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The Use of Fish Oil with Warfarin Does Not Significantly Affect either the International Normalised Ratio or Incidence of Adverse Events in Patients with Atrial Fibrillation and Deep Vein Thrombosis: A Retrospective Study

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ABSTRACT

Background: Warfarin is a leading anticoagulant in the management of atrial fibrillation (AF) and deep vein thrombosis (DVT). Drug interactions influence the safety of warfarin use and while extensive literature exists regarding the effect on warfarin control and bleeding incidence with many medicines, there is little evidence on the influence of complementary medicines. The aim of this study was to assess the influence of fish and krill oil supplementation on warfarin control and bleeding incidence in AF and DVT patients. Methods: A retrospective analysis was conducted utilising patient information from a large private pathology clinic. AF and DVT patients receiving long-term warfarin therapy (>30 days) at the clinic and taking fish and krill oil supplements were eligible for study inclusion. Results: Of the 2081 patients assessed, a total of 573 warfarin users met the inclusion criteria with 145 patients in the fish and krill oil group (supplement group) and 428 patients in the control group. Overall, it was found that fish and krill oils did not significantly alter warfarin time in therapeutic range (TTR) or bleeding incidence, even when compared by gender. Conclusion: Omega-3 supplementation with fish and krill oil does not significantly affect long-term warfarin control and bleeding and thromboembolic events when consumed concurrently in patients managed at an anticoagulation clinic.

No MeSH data available.


Mean TITR for (A) fish oil versus no fish oil supplementation; and (B) gender comparison for fish oil versus no fish oil supplementation. Data is shown as mean and standard deviation; males (n = 316), females (n = 257).
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nutrients-08-00578-f001: Mean TITR for (A) fish oil versus no fish oil supplementation; and (B) gender comparison for fish oil versus no fish oil supplementation. Data is shown as mean and standard deviation; males (n = 316), females (n = 257).

Mentions: Individual patient data was combined to calculate mean TTR, as shown in Figure 1. Overall, no significant difference was found between the mean TTR of supplement (86.7% ± 16.0%) and control patients (86.9% ± 10.2%), with both groups exceeding the recommended target TTR of 60% by approximately 25%. Additionally, no statistically significant difference was identified between the supplement and control groups in regard to minor bleeds per person-year with an incidence of 0.079 and 0.096, respectively (Table 2). There were no major bleeds recorded for either supplement or control groups. Furthermore, no thromboembolic events occurred in either group during the studied period.


The Use of Fish Oil with Warfarin Does Not Significantly Affect either the International Normalised Ratio or Incidence of Adverse Events in Patients with Atrial Fibrillation and Deep Vein Thrombosis: A Retrospective Study
Mean TITR for (A) fish oil versus no fish oil supplementation; and (B) gender comparison for fish oil versus no fish oil supplementation. Data is shown as mean and standard deviation; males (n = 316), females (n = 257).
© Copyright Policy
Related In: Results  -  Collection

License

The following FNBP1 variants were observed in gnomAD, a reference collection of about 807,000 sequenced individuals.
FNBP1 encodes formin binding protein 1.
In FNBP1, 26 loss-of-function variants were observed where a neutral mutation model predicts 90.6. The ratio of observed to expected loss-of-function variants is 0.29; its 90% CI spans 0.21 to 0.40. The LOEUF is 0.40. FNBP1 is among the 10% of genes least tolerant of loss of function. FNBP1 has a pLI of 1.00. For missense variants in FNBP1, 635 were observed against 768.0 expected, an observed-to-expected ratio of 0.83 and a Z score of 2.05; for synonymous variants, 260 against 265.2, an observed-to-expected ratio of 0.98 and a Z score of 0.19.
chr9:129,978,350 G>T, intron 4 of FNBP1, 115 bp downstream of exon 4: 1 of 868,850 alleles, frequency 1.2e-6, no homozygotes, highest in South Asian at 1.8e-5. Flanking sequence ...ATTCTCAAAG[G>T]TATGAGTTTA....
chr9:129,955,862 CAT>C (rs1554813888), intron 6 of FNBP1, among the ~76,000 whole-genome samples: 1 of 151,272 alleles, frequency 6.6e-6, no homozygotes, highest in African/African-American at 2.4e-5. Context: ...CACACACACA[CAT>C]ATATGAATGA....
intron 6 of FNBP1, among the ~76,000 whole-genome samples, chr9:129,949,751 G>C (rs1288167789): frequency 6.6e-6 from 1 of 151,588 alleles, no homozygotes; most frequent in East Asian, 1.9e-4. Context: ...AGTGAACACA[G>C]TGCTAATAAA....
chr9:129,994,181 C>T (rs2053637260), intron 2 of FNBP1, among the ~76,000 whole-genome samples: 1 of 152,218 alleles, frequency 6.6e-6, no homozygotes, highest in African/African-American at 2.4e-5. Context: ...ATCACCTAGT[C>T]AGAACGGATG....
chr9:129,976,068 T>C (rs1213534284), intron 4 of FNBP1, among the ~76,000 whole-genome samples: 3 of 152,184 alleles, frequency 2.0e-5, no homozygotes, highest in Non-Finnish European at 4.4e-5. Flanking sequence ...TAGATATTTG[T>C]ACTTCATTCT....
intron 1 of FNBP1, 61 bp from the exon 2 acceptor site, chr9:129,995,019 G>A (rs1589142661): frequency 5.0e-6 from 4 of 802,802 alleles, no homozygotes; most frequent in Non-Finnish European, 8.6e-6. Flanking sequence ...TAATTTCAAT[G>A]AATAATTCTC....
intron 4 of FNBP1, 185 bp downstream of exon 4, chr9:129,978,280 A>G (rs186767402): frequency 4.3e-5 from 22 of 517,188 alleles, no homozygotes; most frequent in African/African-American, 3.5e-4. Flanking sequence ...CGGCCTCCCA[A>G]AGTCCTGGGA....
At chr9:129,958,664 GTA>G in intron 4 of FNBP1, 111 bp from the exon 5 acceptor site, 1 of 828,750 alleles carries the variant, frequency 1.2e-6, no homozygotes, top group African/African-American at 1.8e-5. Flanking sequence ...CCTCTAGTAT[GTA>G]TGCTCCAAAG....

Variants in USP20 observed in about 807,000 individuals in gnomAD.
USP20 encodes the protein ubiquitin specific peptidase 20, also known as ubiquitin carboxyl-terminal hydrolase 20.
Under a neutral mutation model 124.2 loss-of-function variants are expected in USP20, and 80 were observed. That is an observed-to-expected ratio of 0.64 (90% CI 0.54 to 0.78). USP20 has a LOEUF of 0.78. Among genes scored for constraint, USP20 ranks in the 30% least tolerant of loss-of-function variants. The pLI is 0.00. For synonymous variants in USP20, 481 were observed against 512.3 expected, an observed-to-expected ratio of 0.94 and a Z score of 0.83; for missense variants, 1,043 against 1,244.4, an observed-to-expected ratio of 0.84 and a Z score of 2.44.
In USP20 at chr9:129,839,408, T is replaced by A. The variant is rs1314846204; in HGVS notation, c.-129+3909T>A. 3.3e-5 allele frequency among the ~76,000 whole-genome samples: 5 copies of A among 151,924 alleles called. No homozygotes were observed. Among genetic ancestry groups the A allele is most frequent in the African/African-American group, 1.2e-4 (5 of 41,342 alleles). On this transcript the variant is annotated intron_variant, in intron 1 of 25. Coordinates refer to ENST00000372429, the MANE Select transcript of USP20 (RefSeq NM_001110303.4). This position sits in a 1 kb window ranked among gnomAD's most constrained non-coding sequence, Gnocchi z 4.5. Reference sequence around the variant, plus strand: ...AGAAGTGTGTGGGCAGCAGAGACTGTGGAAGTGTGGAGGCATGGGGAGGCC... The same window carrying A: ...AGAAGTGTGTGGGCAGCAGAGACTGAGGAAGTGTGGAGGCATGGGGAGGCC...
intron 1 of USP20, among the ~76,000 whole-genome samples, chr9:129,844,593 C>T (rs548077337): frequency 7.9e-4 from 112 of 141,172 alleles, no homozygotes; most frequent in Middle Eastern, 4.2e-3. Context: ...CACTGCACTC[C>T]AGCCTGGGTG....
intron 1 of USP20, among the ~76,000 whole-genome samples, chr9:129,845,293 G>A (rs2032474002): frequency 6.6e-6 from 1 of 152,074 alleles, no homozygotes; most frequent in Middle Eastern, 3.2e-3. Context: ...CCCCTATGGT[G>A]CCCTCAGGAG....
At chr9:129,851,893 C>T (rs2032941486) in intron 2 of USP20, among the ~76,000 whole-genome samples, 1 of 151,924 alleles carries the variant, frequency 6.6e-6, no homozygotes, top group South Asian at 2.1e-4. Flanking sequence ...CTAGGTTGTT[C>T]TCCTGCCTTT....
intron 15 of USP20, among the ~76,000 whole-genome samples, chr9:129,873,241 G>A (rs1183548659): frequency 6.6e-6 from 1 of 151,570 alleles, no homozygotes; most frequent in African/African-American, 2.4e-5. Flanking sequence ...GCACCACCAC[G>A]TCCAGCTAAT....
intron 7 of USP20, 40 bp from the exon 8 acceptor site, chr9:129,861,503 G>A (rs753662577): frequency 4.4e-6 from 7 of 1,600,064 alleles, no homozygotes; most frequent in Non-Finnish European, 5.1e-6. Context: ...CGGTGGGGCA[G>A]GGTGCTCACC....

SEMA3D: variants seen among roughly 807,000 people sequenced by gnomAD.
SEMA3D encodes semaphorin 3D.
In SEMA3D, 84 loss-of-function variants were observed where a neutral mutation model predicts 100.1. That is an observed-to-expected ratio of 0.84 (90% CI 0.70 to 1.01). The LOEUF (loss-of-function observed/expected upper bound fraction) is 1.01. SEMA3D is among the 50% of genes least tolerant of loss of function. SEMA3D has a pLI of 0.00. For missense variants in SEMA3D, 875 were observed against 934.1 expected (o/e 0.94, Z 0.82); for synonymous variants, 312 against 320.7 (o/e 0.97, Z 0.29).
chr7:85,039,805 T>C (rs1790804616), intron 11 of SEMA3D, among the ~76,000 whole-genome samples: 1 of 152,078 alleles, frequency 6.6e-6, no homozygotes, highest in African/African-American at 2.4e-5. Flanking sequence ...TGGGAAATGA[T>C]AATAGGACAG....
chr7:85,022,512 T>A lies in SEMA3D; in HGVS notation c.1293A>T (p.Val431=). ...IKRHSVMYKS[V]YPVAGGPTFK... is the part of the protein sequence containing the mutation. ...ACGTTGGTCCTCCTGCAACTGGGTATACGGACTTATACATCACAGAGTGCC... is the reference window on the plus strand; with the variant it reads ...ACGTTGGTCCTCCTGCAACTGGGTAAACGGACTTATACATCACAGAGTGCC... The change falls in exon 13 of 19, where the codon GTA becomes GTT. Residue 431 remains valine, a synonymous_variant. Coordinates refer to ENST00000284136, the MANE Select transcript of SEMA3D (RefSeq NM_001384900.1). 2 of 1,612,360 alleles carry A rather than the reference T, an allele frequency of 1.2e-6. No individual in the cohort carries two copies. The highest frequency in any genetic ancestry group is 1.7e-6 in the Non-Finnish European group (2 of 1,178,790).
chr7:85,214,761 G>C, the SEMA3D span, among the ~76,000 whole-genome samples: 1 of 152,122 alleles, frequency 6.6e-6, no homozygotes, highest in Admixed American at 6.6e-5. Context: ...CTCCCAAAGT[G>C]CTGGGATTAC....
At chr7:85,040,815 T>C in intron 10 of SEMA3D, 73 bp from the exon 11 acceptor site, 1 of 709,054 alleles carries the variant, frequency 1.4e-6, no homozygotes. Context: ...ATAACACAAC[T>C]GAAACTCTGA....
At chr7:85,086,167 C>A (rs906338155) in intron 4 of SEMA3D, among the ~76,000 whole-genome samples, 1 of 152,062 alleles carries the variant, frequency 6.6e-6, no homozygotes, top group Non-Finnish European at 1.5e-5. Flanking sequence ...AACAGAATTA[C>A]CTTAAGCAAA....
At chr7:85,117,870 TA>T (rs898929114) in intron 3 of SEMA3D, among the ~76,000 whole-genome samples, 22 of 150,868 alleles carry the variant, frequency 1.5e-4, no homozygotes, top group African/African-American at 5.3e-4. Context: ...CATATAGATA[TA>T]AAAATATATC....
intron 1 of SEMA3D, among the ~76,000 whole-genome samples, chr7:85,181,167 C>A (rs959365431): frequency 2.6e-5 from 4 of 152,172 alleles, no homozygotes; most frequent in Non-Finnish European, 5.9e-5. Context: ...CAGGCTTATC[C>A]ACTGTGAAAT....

Show All Figures
getmorefigures.php?uid=PMC5037562&req=5

nutrients-08-00578-f001: Mean TITR for (A) fish oil versus no fish oil supplementation; and (B) gender comparison for fish oil versus no fish oil supplementation. Data is shown as mean and standard deviation; males (n = 316), females (n = 257).
Mentions: Individual patient data was combined to calculate mean TTR, as shown in Figure 1. Overall, no significant difference was found between the mean TTR of supplement (86.7% ± 16.0%) and control patients (86.9% ± 10.2%), with both groups exceeding the recommended target TTR of 60% by approximately 25%. Additionally, no statistically significant difference was identified between the supplement and control groups in regard to minor bleeds per person-year with an incidence of 0.079 and 0.096, respectively (Table 2). There were no major bleeds recorded for either supplement or control groups. Furthermore, no thromboembolic events occurred in either group during the studied period.

View Article: PubMed Central - PubMed

ABSTRACT

Background: Warfarin is a leading anticoagulant in the management of atrial fibrillation (AF) and deep vein thrombosis (DVT). Drug interactions influence the safety of warfarin use and while extensive literature exists regarding the effect on warfarin control and bleeding incidence with many medicines, there is little evidence on the influence of complementary medicines. The aim of this study was to assess the influence of fish and krill oil supplementation on warfarin control and bleeding incidence in AF and DVT patients. Methods: A retrospective analysis was conducted utilising patient information from a large private pathology clinic. AF and DVT patients receiving long-term warfarin therapy (>30 days) at the clinic and taking fish and krill oil supplements were eligible for study inclusion. Results: Of the 2081 patients assessed, a total of 573 warfarin users met the inclusion criteria with 145 patients in the fish and krill oil group (supplement group) and 428 patients in the control group. Overall, it was found that fish and krill oils did not significantly alter warfarin time in therapeutic range (TTR) or bleeding incidence, even when compared by gender. Conclusion: Omega-3 supplementation with fish and krill oil does not significantly affect long-term warfarin control and bleeding and thromboembolic events when consumed concurrently in patients managed at an anticoagulation clinic.

No MeSH data available.